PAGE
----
Gene therapy restores lost vision after stroke: Study
- Neurons don't regenerate. The brain can sometimes remap its neural pathways enough to restore some visual function after a stroke, but that process is slow, it's inefficient, and for some patients, it never happens at all.
A research team led by Purdue University's Alexander Chubykin, an associate professor of biological sciences in the College of Science, in collaboration with the team led by Gong Chen at Jinan University, China, has discovered a way to use gene therapy to turn glial brain cells into neurons, restoring visual function and offering hope for a way to restore motor function.
Researchers have figured out a way to use gene therapy to recover lost vision after a stroke in a mouse model.
The findings of the study were published in the journal 'Frontiers in Cell and Developmental Biology'.
Most strokes happen when an artery in the brain becomes blocked. Blood flow to the neural tissue stops, and those tissues typically die. Because of the locations of the major arteries in the brain, many strokes affect motor function. Some affect vision, however, causing patients to lose their vision or find it compromised or diminished.
Neurons don't regenerate. The brain can sometimes remap its neural pathways enough to restore some visual function after a stroke, but that process is slow, it's inefficient, and for some patients, it never happens at all.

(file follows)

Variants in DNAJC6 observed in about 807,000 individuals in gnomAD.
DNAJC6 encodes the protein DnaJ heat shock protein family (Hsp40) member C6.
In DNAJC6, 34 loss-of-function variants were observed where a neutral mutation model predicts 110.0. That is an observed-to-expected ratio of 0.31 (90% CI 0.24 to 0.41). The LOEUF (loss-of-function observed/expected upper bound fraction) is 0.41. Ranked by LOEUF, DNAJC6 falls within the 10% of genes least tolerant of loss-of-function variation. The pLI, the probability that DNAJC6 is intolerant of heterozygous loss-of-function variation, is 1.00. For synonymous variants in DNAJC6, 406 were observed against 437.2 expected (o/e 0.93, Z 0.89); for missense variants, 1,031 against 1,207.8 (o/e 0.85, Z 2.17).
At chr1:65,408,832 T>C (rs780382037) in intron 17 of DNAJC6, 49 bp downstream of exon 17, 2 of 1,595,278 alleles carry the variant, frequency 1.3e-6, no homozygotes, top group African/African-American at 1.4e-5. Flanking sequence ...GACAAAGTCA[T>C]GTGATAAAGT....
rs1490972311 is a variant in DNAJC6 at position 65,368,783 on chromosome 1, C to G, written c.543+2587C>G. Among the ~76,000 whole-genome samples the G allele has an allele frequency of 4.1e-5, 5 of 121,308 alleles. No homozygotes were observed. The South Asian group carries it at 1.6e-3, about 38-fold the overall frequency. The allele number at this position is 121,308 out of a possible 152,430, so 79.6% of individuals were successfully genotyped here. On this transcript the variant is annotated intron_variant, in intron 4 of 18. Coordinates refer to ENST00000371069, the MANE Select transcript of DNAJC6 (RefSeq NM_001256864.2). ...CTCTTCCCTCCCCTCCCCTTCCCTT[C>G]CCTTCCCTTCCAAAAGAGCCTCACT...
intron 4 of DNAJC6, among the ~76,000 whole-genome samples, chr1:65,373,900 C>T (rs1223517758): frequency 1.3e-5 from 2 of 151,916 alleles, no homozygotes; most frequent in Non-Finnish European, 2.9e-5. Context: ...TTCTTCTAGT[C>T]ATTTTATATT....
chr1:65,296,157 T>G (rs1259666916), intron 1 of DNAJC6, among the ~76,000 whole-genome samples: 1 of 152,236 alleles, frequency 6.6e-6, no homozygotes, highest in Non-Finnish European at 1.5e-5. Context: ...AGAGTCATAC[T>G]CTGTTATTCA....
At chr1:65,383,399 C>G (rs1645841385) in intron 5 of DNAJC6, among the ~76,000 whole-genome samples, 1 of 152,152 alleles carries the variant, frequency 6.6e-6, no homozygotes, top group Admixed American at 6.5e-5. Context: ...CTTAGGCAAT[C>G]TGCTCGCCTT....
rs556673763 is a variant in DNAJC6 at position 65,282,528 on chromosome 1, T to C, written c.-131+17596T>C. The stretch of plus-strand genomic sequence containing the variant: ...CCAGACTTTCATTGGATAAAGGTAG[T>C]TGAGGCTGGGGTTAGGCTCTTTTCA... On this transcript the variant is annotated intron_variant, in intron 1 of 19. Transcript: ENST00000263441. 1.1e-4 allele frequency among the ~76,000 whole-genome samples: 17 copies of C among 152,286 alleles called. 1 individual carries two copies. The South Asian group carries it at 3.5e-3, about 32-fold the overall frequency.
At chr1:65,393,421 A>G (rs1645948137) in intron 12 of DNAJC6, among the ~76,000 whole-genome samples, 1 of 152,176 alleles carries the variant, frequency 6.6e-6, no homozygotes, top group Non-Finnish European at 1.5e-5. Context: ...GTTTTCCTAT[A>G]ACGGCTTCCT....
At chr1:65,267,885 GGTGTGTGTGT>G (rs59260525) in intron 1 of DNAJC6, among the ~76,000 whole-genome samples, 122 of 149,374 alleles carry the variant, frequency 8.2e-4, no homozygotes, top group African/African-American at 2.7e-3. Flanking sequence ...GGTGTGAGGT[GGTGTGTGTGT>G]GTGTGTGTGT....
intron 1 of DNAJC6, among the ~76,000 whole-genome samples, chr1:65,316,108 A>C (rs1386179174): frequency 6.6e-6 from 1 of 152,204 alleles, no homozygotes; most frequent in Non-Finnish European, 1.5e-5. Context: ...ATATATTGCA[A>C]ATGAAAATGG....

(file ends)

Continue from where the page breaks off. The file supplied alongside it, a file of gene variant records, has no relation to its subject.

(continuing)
Stem cell therapy, which can help, relies on finding an immune match and is cumbersome and difficult. This new gene therapy, as demonstrated in a mouse model, is more efficient and much more promising.
"We are directly reprogramming the local glial cells into neurons. We don't have to implant new cells, so there's no immunogenic rejection. This process is easier to do than stem cell therapy, and there's less damage to the brain," Chubykin said.
"We are helping the brain heal itself. We can see the connections between the old neurons and the newly reprogrammed neurons get reestablished. We can watch the mice get their vision back," Chubykin added.
Chubykin's research is especially important because the visual function is easier than motor skills to measure accurately, using techniques including optical imaging in live mice to track the development and maturation of the newly converted neurons over the course of weeks.
Perfecting and understanding this technique could lead to a similar technique re-establishing motor function. This research bridges the gap in understanding between the basic interpretation of the neurons and the function of the organs.